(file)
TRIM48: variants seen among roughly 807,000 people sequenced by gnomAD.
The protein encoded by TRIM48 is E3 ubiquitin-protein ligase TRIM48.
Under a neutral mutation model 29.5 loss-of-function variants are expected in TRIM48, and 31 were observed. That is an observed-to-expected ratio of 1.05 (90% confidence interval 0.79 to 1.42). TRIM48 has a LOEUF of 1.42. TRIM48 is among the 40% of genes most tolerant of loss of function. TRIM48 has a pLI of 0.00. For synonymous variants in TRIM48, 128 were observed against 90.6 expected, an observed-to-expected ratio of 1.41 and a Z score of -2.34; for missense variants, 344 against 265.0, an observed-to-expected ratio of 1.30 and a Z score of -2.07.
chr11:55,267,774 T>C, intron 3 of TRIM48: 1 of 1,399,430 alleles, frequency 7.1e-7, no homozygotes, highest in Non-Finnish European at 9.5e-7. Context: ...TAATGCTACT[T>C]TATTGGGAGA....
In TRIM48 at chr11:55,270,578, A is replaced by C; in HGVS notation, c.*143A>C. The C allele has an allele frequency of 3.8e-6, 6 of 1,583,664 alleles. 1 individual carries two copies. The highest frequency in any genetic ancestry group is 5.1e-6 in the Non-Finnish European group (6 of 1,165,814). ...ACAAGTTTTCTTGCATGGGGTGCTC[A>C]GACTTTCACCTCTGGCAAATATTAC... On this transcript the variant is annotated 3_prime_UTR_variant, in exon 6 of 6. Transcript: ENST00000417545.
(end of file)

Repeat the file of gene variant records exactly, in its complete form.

TRIM48: variants seen among roughly 807,000 people sequenced by gnomAD.
The protein encoded by TRIM48 is E3 ubiquitin-protein ligase TRIM48.
Under a neutral mutation model 29.5 loss-of-function variants are expected in TRIM48, and 31 were observed. That is an observed-to-expected ratio of 1.05 (90% confidence interval 0.79 to 1.42). TRIM48 has a LOEUF of 1.42. TRIM48 is among the 40% of genes most tolerant of loss of function. TRIM48 has a pLI of 0.00. For synonymous variants in TRIM48, 128 were observed against 90.6 expected, an observed-to-expected ratio of 1.41 and a Z score of -2.34; for missense variants, 344 against 265.0, an observed-to-expected ratio of 1.30 and a Z score of -2.07.
chr11:55,267,774 T>C, intron 3 of TRIM48: 1 of 1,399,430 alleles, frequency 7.1e-7, no homozygotes, highest in Non-Finnish European at 9.5e-7. Context: ...TAATGCTACT[T>C]TATTGGGAGA....
In TRIM48 at chr11:55,270,578, A is replaced by C; in HGVS notation, c.*143A>C. The C allele has an allele frequency of 3.8e-6, 6 of 1,583,664 alleles. 1 individual carries two copies. The highest frequency in any genetic ancestry group is 5.1e-6 in the Non-Finnish European group (6 of 1,165,814). ...ACAAGTTTTCTTGCATGGGGTGCTC[A>C]GACTTTCACCTCTGGCAAATATTAC... On this transcript the variant is annotated 3_prime_UTR_variant, in exon 6 of 6. Transcript: ENST00000417545.